And so finally we arrived at a Top 8, including Kentucky DCI judge Daniel Neeley. Dan made it to the semi-finals before running out of steam, and suddenly eight became just two: Neil Michalares and David Gleicher.

As often happens in these big money events, the difference between first and second place was a lot of money: $ 1,000 to be precise. This naturally leads to the players in the final turning to their friendly neighborhood judge for some advice on what can and cannot be legally done with such large sums of money. So what could go wrong with two players and a large sum of cash you might ask? — well, quite a lot, actually! Remember that the tournament is one of skill that gives an equal chance to all players in their quest to succeed. Any ability of a player to use something other than skill to win not only affects the integrity of that match, but also the tournament and the wider Magic community as a whole. The Magic: the Gathering tournament rules has a lot to say on collusion and bribery (section 5.2).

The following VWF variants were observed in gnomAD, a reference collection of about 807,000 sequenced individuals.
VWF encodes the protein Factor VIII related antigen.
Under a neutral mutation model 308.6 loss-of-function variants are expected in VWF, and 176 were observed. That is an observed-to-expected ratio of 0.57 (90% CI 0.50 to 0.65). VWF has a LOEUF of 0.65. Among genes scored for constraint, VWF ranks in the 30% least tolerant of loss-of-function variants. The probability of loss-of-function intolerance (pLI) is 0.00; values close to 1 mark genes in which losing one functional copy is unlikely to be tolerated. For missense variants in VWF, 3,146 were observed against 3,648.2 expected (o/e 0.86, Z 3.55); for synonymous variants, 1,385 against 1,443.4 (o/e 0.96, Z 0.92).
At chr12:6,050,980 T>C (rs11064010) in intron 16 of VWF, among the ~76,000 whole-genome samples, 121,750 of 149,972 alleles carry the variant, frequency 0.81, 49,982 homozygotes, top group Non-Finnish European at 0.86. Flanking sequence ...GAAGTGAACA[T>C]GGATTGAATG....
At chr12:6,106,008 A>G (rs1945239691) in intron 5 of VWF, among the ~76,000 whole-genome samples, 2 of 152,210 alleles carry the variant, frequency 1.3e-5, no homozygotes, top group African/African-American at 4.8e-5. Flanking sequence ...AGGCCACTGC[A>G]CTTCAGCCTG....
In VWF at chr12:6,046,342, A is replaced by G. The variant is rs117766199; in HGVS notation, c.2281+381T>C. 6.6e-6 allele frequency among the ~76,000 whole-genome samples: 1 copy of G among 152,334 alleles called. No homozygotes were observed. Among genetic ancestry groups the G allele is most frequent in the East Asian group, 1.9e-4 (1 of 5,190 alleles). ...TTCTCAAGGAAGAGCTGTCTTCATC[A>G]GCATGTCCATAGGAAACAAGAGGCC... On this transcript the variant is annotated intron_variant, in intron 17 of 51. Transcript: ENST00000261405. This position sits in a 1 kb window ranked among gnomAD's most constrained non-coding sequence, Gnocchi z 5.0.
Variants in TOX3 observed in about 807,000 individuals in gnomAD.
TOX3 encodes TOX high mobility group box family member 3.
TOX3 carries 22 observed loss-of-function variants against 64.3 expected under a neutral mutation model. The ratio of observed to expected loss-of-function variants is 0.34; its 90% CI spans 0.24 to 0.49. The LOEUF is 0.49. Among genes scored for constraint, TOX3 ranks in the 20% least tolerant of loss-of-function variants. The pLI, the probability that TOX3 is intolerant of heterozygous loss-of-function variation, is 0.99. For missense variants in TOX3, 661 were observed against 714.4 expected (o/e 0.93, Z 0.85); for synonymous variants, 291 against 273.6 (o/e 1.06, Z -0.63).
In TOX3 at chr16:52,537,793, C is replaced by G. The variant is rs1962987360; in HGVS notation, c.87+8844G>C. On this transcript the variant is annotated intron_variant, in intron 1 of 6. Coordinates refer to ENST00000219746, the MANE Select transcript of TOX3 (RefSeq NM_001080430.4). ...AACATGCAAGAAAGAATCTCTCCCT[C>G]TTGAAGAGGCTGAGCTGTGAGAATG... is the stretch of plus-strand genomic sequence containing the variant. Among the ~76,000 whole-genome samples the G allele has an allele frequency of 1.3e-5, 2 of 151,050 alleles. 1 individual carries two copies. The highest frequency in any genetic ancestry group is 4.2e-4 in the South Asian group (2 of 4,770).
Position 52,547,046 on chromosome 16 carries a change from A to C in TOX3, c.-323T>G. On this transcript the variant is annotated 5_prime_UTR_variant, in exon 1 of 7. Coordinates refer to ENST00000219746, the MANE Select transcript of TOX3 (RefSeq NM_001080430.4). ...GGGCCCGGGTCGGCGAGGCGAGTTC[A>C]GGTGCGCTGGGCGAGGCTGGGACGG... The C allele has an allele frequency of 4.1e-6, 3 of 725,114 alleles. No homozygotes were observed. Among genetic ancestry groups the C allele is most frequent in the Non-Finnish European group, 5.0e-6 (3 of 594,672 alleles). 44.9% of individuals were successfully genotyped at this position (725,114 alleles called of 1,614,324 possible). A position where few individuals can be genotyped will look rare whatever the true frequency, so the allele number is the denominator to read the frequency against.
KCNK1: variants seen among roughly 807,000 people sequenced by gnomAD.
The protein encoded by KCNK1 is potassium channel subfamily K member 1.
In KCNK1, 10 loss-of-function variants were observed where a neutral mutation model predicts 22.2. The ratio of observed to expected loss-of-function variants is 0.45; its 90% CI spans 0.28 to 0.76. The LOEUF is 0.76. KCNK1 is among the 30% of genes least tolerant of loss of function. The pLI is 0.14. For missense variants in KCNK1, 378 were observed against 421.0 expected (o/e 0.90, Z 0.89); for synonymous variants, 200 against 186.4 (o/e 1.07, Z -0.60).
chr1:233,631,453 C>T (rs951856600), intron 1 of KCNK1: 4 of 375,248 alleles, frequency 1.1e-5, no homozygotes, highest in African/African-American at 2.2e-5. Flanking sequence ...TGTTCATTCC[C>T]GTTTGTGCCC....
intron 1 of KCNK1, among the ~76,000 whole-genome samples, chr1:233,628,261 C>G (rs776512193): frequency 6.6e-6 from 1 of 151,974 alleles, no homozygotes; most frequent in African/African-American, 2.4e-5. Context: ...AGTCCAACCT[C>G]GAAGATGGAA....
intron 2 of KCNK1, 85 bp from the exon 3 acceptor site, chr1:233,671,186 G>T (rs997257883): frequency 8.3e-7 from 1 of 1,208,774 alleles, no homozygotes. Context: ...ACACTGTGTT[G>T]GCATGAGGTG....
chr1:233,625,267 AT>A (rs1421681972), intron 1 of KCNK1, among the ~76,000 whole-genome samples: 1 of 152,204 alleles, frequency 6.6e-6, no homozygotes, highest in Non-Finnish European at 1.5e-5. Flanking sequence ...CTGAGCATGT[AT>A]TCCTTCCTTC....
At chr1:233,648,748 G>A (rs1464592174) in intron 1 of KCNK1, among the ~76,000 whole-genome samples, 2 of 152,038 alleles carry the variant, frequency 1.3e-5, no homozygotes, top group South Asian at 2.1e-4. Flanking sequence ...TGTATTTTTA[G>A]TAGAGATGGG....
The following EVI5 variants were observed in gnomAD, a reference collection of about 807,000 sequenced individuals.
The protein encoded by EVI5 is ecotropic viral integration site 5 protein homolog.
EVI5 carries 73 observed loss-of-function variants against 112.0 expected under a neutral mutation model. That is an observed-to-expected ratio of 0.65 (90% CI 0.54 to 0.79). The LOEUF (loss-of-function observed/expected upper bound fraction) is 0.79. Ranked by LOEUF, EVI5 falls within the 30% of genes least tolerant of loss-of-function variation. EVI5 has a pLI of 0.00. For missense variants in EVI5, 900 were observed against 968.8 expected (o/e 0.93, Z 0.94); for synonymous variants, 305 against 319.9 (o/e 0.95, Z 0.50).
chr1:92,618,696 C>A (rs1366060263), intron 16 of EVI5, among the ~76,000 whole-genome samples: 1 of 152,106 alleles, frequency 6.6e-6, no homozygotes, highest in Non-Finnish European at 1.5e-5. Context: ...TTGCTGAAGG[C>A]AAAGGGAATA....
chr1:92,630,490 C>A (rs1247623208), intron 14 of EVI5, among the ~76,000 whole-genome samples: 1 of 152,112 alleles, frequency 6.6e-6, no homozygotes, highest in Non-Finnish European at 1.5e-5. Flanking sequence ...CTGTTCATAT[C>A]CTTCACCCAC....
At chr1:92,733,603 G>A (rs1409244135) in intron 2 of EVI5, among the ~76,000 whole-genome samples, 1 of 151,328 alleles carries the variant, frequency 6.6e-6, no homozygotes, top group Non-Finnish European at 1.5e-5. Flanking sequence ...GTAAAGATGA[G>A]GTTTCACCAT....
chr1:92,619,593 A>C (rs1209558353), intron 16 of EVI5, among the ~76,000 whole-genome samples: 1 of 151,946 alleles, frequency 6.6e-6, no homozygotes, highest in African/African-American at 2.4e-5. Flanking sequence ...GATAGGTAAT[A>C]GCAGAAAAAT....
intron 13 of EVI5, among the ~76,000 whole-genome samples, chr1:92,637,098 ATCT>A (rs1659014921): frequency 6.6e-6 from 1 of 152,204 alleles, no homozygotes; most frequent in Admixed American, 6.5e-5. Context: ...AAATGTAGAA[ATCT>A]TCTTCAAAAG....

Basically, the outcome of a match should not be influenced by the offer of some kind of reward or incentive like cash. We want people to win because their Bituminous Blast cascaded into a Bloodbraid Elf and then into a Lightning Bolt. We don’t want people to win because they had an extra couple of booster packs in their pocket, or a spare foil Baneslayer Angel in their trade folder.